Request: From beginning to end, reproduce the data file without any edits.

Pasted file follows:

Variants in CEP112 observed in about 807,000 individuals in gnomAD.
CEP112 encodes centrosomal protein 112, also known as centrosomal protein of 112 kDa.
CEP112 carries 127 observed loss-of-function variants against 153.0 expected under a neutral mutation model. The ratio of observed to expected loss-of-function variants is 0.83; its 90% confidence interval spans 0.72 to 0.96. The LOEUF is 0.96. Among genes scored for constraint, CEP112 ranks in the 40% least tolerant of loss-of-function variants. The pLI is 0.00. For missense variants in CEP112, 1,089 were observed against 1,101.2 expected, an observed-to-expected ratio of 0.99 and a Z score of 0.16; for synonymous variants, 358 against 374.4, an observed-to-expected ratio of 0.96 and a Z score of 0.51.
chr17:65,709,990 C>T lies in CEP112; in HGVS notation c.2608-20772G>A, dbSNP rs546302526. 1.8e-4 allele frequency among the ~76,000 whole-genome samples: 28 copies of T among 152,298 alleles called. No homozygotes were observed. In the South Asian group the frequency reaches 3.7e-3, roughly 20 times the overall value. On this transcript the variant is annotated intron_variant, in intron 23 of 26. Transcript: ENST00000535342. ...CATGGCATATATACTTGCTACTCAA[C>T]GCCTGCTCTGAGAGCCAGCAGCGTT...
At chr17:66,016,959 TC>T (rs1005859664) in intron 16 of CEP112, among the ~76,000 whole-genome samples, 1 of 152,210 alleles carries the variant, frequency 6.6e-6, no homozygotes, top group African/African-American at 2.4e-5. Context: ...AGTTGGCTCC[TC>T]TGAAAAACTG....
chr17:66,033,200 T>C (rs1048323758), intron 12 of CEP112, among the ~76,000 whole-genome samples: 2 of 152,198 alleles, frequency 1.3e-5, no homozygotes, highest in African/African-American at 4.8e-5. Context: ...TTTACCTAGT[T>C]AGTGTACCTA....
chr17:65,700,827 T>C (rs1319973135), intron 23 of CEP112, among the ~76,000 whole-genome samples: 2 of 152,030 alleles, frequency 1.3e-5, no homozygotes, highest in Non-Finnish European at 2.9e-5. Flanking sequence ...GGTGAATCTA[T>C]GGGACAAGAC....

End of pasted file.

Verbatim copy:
Variants in CEP112 observed in about 807,000 individuals in gnomAD.
CEP112 encodes centrosomal protein 112, also known as centrosomal protein of 112 kDa.
CEP112 carries 127 observed loss-of-function variants against 153.0 expected under a neutral mutation model. The ratio of observed to expected loss-of-function variants is 0.83; its 90% confidence interval spans 0.72 to 0.96. The LOEUF is 0.96. Among genes scored for constraint, CEP112 ranks in the 40% least tolerant of loss-of-function variants. The pLI is 0.00. For missense variants in CEP112, 1,089 were observed against 1,101.2 expected, an observed-to-expected ratio of 0.99 and a Z score of 0.16; for synonymous variants, 358 against 374.4, an observed-to-expected ratio of 0.96 and a Z score of 0.51.
chr17:65,709,990 C>T lies in CEP112; in HGVS notation c.2608-20772G>A, dbSNP rs546302526. 1.8e-4 allele frequency among the ~76,000 whole-genome samples: 28 copies of T among 152,298 alleles called. No homozygotes were observed. In the South Asian group the frequency reaches 3.7e-3, roughly 20 times the overall value. On this transcript the variant is annotated intron_variant, in intron 23 of 26. Transcript: ENST00000535342. ...CATGGCATATATACTTGCTACTCAA[C>T]GCCTGCTCTGAGAGCCAGCAGCGTT...
At chr17:66,016,959 TC>T (rs1005859664) in intron 16 of CEP112, among the ~76,000 whole-genome samples, 1 of 152,210 alleles carries the variant, frequency 6.6e-6, no homozygotes, top group African/African-American at 2.4e-5. Context: ...AGTTGGCTCC[TC>T]TGAAAAACTG....
chr17:66,033,200 T>C (rs1048323758), intron 12 of CEP112, among the ~76,000 whole-genome samples: 2 of 152,198 alleles, frequency 1.3e-5, no homozygotes, highest in African/African-American at 4.8e-5. Context: ...TTTACCTAGT[T>C]AGTGTACCTA....
chr17:65,700,827 T>C (rs1319973135), intron 23 of CEP112, among the ~76,000 whole-genome samples: 2 of 152,030 alleles, frequency 1.3e-5, no homozygotes, highest in Non-Finnish European at 2.9e-5. Flanking sequence ...GGTGAATCTA[T>C]GGGACAAGAC....